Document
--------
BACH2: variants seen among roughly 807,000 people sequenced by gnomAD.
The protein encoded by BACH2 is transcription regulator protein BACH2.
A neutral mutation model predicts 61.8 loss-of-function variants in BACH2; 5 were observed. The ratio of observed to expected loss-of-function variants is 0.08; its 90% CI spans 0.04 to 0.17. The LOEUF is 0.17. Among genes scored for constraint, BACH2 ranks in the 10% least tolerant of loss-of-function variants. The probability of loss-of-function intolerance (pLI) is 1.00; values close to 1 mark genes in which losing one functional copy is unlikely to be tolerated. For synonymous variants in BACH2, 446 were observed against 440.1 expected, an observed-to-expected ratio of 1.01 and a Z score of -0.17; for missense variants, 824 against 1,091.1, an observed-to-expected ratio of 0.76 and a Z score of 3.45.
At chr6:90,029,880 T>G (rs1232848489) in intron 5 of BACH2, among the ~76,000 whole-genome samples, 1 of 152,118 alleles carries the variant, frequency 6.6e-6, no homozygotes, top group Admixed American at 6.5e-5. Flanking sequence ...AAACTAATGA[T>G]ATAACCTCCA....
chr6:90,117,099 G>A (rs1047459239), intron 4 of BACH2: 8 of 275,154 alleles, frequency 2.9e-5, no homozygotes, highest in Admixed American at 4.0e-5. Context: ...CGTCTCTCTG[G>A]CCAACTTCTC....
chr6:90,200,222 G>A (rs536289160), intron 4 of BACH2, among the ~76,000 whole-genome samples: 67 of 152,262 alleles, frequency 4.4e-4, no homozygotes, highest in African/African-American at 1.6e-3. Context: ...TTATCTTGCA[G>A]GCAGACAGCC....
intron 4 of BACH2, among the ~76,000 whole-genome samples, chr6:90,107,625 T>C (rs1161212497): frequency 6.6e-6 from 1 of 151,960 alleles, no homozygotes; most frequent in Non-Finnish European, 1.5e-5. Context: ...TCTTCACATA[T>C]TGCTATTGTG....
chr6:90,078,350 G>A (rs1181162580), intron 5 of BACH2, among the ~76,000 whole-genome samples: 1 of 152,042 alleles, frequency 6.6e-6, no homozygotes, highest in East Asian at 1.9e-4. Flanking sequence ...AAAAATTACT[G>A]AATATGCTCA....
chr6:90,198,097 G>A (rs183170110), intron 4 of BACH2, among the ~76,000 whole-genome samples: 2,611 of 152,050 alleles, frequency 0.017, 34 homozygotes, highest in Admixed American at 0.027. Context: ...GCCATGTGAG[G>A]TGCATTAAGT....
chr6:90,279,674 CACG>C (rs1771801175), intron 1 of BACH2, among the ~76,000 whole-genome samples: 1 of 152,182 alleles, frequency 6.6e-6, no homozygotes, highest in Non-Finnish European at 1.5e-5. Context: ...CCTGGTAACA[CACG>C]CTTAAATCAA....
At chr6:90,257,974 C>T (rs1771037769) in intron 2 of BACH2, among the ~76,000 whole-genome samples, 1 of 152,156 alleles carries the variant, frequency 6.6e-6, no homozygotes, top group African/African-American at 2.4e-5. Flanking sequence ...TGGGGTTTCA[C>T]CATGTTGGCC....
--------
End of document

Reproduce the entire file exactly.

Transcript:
BACH2: variants seen among roughly 807,000 people sequenced by gnomAD.
The protein encoded by BACH2 is transcription regulator protein BACH2.
A neutral mutation model predicts 61.8 loss-of-function variants in BACH2; 5 were observed. The ratio of observed to expected loss-of-function variants is 0.08; its 90% CI spans 0.04 to 0.17. The LOEUF is 0.17. Among genes scored for constraint, BACH2 ranks in the 10% least tolerant of loss-of-function variants. The probability of loss-of-function intolerance (pLI) is 1.00; values close to 1 mark genes in which losing one functional copy is unlikely to be tolerated. For synonymous variants in BACH2, 446 were observed against 440.1 expected, an observed-to-expected ratio of 1.01 and a Z score of -0.17; for missense variants, 824 against 1,091.1, an observed-to-expected ratio of 0.76 and a Z score of 3.45.
At chr6:90,029,880 T>G (rs1232848489) in intron 5 of BACH2, among the ~76,000 whole-genome samples, 1 of 152,118 alleles carries the variant, frequency 6.6e-6, no homozygotes, top group Admixed American at 6.5e-5. Flanking sequence ...AAACTAATGA[T>G]ATAACCTCCA....
chr6:90,117,099 G>A (rs1047459239), intron 4 of BACH2: 8 of 275,154 alleles, frequency 2.9e-5, no homozygotes, highest in Admixed American at 4.0e-5. Context: ...CGTCTCTCTG[G>A]CCAACTTCTC....
chr6:90,200,222 G>A (rs536289160), intron 4 of BACH2, among the ~76,000 whole-genome samples: 67 of 152,262 alleles, frequency 4.4e-4, no homozygotes, highest in African/African-American at 1.6e-3. Context: ...TTATCTTGCA[G>A]GCAGACAGCC....
intron 4 of BACH2, among the ~76,000 whole-genome samples, chr6:90,107,625 T>C (rs1161212497): frequency 6.6e-6 from 1 of 151,960 alleles, no homozygotes; most frequent in Non-Finnish European, 1.5e-5. Context: ...TCTTCACATA[T>C]TGCTATTGTG....
chr6:90,078,350 G>A (rs1181162580), intron 5 of BACH2, among the ~76,000 whole-genome samples: 1 of 152,042 alleles, frequency 6.6e-6, no homozygotes, highest in East Asian at 1.9e-4. Flanking sequence ...AAAAATTACT[G>A]AATATGCTCA....
chr6:90,198,097 G>A (rs183170110), intron 4 of BACH2, among the ~76,000 whole-genome samples: 2,611 of 152,050 alleles, frequency 0.017, 34 homozygotes, highest in Admixed American at 0.027. Context: ...GCCATGTGAG[G>A]TGCATTAAGT....
chr6:90,279,674 CACG>C (rs1771801175), intron 1 of BACH2, among the ~76,000 whole-genome samples: 1 of 152,182 alleles, frequency 6.6e-6, no homozygotes, highest in Non-Finnish European at 1.5e-5. Context: ...CCTGGTAACA[CACG>C]CTTAAATCAA....
At chr6:90,257,974 C>T (rs1771037769) in intron 2 of BACH2, among the ~76,000 whole-genome samples, 1 of 152,156 alleles carries the variant, frequency 6.6e-6, no homozygotes, top group African/African-American at 2.4e-5. Flanking sequence ...TGGGGTTTCA[C>T]CATGTTGGCC....